If you know your home's electrical or fuel oil expenditure, enter in to the calculator
Otherwise, enter your housing's relevant data: its surface, date of construction and mode of heating
The CO2 calculator will then evaluate the greenhouse gas emissions that originate in your housing's energy expenditure
How much CO2 does my housing emit? The question is difficult to respond precisely to, given the number of parameters that enter into account. It depends on our energy usage (how hot do we run the heating, what energy do we use?) but also the isolation of the housing.
Whatever the case may be, our housing is our second highest energy consumers, after transportation. But the housing sector, taken as a whole, is the first energy consumer and the fourth highest emitter of Greenhouse Gasses (GHG). A housing will emit the 1.7 tons of CO2 per year and per inhabitant, in Europe. These numbers take into account the energy used in the home (gaz, heat, electricity...), but also the associated services, such as waste disposal.
Heating is the first cause of energy consumption of western homes.The first thing to do is therefore to improve heat isolation, to avoid wasting energy. If that is not possible, the best attitude is to waste not, including in how we heat our homes. That includes not heating, when we are out. It also includes keeping the heating down during the night, with a target temperature not higher than 19°C during the day and 16°C during the night.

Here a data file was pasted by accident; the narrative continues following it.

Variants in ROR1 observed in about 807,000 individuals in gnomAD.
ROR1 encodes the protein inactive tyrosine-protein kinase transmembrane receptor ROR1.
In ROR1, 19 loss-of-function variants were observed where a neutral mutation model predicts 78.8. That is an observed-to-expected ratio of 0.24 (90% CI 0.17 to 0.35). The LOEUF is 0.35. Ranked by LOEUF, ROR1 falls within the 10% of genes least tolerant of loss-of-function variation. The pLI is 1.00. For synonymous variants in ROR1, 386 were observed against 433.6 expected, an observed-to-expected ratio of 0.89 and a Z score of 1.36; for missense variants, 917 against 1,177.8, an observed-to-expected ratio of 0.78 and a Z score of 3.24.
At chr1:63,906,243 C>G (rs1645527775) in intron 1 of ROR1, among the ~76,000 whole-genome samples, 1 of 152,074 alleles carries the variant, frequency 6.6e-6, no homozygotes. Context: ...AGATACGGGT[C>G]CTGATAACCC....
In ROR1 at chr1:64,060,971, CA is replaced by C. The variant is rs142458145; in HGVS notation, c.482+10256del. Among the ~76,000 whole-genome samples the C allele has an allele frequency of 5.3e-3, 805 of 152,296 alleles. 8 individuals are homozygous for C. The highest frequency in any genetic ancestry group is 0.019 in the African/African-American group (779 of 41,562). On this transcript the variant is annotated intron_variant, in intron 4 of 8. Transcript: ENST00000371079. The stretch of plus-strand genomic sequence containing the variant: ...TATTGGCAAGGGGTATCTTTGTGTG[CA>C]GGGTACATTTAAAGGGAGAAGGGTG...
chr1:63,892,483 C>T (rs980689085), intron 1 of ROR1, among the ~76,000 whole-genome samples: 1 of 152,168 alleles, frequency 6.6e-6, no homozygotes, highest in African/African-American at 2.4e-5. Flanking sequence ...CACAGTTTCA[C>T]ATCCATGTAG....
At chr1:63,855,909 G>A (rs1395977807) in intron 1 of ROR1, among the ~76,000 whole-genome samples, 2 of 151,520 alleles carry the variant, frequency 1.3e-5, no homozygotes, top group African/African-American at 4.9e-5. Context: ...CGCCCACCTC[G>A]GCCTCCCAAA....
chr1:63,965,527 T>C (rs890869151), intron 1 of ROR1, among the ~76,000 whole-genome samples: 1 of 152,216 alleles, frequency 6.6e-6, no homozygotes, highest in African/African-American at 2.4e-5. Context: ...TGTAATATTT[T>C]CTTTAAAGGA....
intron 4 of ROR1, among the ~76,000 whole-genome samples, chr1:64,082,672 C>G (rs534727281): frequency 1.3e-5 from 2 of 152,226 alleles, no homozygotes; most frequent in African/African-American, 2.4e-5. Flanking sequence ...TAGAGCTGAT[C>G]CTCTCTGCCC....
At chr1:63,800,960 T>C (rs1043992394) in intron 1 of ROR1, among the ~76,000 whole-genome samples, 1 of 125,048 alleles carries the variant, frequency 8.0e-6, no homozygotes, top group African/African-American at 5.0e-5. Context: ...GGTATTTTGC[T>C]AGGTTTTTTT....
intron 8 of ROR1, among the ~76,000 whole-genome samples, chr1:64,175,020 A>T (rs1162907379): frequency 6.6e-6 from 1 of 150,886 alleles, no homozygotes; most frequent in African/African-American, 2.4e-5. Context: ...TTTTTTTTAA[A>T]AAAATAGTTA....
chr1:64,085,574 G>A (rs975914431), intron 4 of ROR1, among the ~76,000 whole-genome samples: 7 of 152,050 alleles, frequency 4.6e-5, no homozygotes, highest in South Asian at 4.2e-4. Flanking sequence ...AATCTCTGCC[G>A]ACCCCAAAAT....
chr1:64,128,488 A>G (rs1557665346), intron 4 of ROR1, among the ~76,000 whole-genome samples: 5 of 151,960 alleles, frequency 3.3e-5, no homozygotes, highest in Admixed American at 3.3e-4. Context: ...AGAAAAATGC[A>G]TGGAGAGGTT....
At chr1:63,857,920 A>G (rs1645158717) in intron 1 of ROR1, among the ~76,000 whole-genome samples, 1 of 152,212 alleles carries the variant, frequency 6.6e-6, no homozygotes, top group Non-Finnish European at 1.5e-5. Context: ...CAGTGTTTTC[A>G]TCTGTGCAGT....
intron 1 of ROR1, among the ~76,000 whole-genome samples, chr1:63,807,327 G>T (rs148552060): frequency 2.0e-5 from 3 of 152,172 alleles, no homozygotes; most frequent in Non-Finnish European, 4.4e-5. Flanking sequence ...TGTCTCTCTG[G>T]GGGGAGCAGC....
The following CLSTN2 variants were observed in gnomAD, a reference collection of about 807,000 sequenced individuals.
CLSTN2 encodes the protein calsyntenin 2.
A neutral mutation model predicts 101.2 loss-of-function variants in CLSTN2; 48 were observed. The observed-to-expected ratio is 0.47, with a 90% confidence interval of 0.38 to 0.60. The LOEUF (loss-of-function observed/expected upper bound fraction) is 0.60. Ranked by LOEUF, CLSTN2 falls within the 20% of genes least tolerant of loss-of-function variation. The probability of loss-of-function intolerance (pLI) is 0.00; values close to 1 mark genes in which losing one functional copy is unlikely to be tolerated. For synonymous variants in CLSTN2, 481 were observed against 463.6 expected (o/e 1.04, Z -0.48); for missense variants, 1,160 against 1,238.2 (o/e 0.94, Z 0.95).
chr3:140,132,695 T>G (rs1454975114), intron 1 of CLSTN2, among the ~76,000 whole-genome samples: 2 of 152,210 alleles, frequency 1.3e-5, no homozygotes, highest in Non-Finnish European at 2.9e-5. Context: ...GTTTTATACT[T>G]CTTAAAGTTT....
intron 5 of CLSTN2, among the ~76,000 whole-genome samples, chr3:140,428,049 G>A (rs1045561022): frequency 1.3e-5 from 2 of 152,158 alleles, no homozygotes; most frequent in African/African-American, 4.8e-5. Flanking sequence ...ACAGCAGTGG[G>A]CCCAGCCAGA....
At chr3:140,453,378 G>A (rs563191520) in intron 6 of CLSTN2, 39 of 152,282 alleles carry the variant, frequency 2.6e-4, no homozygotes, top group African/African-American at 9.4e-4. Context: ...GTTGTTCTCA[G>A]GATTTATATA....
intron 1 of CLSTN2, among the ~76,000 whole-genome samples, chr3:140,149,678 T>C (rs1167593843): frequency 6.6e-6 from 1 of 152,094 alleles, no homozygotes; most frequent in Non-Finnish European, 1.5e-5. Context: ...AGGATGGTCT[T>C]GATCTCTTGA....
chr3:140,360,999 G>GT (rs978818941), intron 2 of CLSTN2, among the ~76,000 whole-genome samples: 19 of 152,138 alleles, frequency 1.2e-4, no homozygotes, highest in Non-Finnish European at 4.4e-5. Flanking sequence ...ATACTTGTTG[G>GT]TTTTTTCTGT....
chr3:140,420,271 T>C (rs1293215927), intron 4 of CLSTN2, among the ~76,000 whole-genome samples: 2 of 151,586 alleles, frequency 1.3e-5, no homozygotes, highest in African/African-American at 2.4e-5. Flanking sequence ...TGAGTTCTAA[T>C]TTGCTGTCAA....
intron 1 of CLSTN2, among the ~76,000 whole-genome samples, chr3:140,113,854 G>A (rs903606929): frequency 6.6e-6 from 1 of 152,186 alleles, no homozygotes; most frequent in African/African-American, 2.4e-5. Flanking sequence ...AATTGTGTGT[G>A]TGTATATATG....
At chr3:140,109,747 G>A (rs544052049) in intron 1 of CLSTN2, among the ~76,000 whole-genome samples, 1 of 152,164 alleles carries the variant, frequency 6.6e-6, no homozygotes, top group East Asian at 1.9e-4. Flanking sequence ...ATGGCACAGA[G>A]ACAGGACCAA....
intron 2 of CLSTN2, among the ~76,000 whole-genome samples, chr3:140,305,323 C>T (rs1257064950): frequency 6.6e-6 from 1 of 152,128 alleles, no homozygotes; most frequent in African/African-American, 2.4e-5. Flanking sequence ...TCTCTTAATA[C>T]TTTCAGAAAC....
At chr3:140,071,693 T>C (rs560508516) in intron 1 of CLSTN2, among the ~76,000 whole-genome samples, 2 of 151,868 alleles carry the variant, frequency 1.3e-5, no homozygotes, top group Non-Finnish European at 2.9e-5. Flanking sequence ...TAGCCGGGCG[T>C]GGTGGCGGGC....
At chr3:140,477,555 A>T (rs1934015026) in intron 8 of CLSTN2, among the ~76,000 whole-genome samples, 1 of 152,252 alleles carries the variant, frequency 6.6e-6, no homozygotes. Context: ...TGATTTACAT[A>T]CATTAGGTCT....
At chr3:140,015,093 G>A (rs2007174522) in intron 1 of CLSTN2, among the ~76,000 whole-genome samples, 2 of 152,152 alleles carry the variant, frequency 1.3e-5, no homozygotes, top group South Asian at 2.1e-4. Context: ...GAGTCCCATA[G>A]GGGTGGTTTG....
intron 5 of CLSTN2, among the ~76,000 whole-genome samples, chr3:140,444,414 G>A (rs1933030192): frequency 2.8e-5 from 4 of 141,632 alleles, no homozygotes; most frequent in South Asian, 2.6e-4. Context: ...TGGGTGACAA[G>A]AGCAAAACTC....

Household appliances are also responsible for a large share of energy expenditure. It's worth using less energy consuming appliances, and using them less frequently. It is also worth moving fridges and freezers away from heat sources (ovens, radiators...). And choosing the eco-friendly modes on dish-washers, washing-machines, clothes dryers and the like. Lastly, remember to unplug any electrical appliance you are not using. There's no point in offsetting CO2 emissions if you don't first reduce your energy expenditure.